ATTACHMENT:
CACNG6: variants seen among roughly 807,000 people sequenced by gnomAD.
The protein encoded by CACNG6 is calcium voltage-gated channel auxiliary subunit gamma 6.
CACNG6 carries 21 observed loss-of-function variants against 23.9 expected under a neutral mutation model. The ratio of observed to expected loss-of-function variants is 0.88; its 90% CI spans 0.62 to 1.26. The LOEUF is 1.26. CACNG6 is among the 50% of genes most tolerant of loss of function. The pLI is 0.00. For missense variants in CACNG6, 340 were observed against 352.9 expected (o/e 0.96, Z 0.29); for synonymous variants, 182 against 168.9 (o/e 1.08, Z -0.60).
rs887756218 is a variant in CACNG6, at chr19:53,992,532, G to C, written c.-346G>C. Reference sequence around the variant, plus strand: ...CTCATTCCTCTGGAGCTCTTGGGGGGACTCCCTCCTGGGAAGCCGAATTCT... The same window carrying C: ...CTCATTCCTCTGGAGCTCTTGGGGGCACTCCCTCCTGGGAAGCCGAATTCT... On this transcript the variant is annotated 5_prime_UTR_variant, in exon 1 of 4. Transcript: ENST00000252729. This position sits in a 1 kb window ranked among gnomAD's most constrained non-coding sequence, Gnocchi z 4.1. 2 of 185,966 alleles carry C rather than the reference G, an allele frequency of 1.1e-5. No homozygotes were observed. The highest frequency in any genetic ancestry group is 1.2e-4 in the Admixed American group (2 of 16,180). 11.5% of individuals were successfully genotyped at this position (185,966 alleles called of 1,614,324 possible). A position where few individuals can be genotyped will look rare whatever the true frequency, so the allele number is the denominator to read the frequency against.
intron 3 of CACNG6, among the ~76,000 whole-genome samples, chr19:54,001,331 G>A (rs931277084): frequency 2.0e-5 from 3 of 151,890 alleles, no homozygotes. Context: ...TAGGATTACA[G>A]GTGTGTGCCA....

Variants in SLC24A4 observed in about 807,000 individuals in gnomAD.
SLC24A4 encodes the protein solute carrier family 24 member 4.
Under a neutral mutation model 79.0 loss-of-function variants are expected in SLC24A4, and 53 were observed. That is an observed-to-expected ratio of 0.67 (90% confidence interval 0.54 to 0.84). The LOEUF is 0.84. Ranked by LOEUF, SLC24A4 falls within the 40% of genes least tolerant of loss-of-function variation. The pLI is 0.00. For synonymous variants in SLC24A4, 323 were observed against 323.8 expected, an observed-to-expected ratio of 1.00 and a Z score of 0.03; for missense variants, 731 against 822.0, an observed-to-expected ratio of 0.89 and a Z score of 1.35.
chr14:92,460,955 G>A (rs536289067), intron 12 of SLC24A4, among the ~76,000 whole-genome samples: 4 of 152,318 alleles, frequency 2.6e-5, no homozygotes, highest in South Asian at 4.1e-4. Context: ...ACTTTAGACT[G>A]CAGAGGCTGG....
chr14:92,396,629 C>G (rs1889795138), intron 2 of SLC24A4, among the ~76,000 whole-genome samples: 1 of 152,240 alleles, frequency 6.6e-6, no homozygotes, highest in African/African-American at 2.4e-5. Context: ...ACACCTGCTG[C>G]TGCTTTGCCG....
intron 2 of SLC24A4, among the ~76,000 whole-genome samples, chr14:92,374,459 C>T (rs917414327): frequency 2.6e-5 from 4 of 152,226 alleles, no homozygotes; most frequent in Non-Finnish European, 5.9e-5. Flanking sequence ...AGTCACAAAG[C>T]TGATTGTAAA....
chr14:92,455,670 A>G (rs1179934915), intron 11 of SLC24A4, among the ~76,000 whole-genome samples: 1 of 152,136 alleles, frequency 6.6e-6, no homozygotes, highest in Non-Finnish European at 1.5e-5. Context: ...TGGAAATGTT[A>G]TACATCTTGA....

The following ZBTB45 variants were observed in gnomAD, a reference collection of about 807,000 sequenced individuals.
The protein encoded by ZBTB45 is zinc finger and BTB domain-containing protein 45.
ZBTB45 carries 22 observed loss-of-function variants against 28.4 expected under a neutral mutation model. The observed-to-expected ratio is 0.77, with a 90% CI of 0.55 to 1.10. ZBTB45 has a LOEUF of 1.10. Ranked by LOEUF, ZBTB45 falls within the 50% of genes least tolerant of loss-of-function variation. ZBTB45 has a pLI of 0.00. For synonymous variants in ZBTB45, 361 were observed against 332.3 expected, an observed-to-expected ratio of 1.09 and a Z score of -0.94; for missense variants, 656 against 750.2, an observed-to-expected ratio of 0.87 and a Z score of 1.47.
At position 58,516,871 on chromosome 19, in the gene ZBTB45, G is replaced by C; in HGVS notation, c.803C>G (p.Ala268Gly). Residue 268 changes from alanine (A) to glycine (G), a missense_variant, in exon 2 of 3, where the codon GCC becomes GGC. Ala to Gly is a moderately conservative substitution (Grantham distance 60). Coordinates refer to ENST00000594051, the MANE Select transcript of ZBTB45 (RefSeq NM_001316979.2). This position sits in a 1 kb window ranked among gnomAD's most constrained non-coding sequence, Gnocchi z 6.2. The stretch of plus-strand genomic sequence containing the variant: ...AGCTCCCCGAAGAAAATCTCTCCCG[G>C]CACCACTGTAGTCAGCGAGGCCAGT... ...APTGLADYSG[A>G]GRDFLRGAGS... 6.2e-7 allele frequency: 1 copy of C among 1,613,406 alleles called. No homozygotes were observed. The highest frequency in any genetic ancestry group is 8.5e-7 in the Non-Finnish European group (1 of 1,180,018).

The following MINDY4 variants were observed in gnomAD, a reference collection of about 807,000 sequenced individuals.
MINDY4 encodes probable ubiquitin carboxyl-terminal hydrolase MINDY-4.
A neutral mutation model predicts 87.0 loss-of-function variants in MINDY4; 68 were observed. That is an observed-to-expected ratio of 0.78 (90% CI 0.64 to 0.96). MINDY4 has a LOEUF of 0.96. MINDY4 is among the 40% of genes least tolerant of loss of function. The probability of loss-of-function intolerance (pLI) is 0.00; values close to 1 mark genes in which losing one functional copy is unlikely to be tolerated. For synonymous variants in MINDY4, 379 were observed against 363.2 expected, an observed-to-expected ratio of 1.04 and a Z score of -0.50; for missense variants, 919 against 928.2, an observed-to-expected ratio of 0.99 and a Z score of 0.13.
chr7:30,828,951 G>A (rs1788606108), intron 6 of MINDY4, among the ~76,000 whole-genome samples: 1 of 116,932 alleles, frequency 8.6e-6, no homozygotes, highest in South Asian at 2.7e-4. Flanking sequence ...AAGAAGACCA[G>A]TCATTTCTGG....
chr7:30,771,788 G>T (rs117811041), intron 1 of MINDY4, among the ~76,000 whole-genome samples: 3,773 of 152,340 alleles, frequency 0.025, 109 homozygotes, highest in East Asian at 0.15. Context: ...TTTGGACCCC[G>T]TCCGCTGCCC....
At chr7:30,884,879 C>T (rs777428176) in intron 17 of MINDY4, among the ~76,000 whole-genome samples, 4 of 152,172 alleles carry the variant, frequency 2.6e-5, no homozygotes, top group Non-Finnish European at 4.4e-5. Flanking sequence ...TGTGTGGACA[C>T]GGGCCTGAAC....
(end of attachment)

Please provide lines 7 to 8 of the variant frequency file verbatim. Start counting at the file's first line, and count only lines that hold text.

SLC24A4 encodes the protein solute carrier family 24 member 4.
Under a neutral mutation model 79.0 loss-of-function variants are expected in SLC24A4, and 53 were observed. That is an observed-to-expected ratio of 0.67 (90% confidence interval 0.54 to 0.84). The LOEUF is 0.84. Ranked by LOEUF, SLC24A4 falls within the 40% of genes least tolerant of loss-of-function variation. The pLI is 0.00. For synonymous variants in SLC24A4, 323 were observed against 323.8 expected, an observed-to-expected ratio of 1.00 and a Z score of 0.03; for missense variants, 731 against 822.0, an observed-to-expected ratio of 0.89 and a Z score of 1.35.